2912n-I don't know exactly where the XC-99 is, but after it flew successfully for a number of years as the first USAF outsized transport it lay derelict at Kelly AFB, TX for decades. I'm sure it is still in existance.
The XB-36 had the single large MLG wheel. The XC-99 has landing gear similar, if not identical to production
STT757-I was greatly influenced by the movie Strategic Air Command as a kid. Though I didn't know it at the time, it won the cinematography award for 1955. Those beautiful in flight contrail sequences must have helped cinch the award.
Exnonrev From United States of America, joined Oct 1999, 621 posts, RR: 4 Reply 15, posted (11 years 8 months 1 day 14 hours ago) and read 10832 times:
All four surviving B-36s are the property of the Air Force Museum. The three not at WPAFB are technically "on loan" to their respective museums. Both the Castle and Ft. Worth restoration groups were told in no uncertain terms that the a/c were not to be restored to flying condition.
STT757 From United States of America, joined Mar 2000, 16555 posts, RR: 52 Reply 16, posted (11 years 8 months 1 day 9 hours ago) and read 10823 times:
Strategic Air Command is one of my favorites, Jimmy Stewart's background as an Air Force Officer makes the movie. That and the obvious help the Air Force gave to the making of the film, where was the character Jimmy Stewart played based McDill in Tampa?.. OR at McCoy in Orlando?.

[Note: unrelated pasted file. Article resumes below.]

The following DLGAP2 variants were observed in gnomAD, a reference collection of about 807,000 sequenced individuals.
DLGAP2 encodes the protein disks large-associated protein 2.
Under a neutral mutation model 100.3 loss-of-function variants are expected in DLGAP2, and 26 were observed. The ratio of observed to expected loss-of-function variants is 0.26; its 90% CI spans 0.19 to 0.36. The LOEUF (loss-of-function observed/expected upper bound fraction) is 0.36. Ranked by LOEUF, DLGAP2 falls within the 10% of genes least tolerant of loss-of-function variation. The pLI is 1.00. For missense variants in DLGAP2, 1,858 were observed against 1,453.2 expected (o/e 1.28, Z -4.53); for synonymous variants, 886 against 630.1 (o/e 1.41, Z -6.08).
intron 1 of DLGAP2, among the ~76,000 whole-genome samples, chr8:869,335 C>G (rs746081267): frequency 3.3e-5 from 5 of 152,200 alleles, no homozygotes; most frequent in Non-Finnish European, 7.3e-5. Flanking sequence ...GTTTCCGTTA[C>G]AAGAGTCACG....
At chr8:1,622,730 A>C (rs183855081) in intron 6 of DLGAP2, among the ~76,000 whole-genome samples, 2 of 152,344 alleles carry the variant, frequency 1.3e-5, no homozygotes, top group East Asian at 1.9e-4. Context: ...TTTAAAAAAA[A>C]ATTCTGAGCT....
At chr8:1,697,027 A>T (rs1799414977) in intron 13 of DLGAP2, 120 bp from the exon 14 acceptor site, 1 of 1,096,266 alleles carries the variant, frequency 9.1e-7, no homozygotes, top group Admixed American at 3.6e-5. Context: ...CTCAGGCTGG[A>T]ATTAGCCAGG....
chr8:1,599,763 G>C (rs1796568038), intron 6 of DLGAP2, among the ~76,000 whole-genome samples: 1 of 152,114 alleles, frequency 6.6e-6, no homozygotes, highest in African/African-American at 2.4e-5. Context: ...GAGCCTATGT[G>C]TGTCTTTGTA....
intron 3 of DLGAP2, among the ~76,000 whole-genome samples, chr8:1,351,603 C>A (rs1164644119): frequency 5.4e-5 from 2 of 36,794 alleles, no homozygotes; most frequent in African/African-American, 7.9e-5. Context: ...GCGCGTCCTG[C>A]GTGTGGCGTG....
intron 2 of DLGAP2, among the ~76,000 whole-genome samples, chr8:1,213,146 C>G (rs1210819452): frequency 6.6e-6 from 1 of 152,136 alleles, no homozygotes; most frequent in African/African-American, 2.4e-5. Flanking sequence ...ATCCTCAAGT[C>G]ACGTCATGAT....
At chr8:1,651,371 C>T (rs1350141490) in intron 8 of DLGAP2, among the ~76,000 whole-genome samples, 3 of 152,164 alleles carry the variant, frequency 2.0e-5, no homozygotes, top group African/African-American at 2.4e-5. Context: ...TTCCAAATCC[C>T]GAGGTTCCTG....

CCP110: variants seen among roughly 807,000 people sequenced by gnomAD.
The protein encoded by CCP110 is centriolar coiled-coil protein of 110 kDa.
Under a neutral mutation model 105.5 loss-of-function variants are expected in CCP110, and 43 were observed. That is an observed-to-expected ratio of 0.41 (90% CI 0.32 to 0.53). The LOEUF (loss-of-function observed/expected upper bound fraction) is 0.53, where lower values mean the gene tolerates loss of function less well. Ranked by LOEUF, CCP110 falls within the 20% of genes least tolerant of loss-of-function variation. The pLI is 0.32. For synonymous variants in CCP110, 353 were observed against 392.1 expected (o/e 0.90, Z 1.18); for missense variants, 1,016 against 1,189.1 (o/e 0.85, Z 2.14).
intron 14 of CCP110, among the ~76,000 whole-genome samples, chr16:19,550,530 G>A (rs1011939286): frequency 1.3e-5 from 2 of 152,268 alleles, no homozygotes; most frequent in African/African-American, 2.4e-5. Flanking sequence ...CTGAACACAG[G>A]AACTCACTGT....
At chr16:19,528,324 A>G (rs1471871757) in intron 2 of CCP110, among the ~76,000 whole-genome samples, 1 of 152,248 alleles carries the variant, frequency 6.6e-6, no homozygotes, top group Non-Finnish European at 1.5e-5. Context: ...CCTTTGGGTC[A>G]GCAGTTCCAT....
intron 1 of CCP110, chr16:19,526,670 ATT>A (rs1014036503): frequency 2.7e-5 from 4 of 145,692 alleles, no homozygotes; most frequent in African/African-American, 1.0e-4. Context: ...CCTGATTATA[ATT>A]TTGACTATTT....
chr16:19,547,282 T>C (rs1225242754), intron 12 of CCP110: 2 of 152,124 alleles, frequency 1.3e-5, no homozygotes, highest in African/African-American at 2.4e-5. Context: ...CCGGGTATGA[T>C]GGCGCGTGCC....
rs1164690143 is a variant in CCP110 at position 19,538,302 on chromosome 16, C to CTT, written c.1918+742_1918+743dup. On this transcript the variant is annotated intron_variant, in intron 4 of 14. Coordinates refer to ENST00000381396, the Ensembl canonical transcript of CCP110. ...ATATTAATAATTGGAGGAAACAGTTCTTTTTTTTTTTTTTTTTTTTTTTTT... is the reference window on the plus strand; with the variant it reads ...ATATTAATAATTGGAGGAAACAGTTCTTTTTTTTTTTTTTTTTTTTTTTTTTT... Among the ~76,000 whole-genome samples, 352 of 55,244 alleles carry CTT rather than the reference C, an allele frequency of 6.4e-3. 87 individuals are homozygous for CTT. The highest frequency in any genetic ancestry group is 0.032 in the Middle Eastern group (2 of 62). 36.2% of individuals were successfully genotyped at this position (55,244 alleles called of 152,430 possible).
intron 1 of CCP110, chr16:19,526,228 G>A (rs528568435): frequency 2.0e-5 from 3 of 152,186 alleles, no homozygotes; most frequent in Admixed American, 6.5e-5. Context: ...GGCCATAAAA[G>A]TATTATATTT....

FlagshipAZ From United States of America, joined Jan 2001, 3419 posts, RR: 15 Reply 17, posted (11 years 8 months 1 day 9 hours ago) and read 10824 times:
James Stewart's character...Colonel "Dutch" Holland was based at Carswell AFB, Texas. In reality, Mister Stewart enlisted as a airman in the USAAC at the outbreak of WWII, then rose to the rank of Brigadier General in the United States Air Force Reserve, before retiring from the service. One helluva of an American. Regards.
"Beer is living proof that God loves us and wants us to be happy." --Ben Franklin
TomH From United States of America, joined May 1999, 960 posts, RR: 2 Reply 18, posted (11 years 8 months 1 day 2 hours ago) and read 10814 times:
Taking that a step further, we can say that nearly all ex-USAF aircraft on static display are property of the USAF Museum on loan to the display site. This issue came up when my ANG unit discovered one of its old
F-51H Mustangs was at Chanute AFB when it was about to close. We wanted to get it for display at home drome, but USAF Museum wanted it back 'cause they didn't have any of that specific Mustang type.
Dash80 From United States of America, joined Nov 2000, 187 posts, RR: 0 Reply 19, posted (11 years 8 months 19 hours ago) and read 10805 times: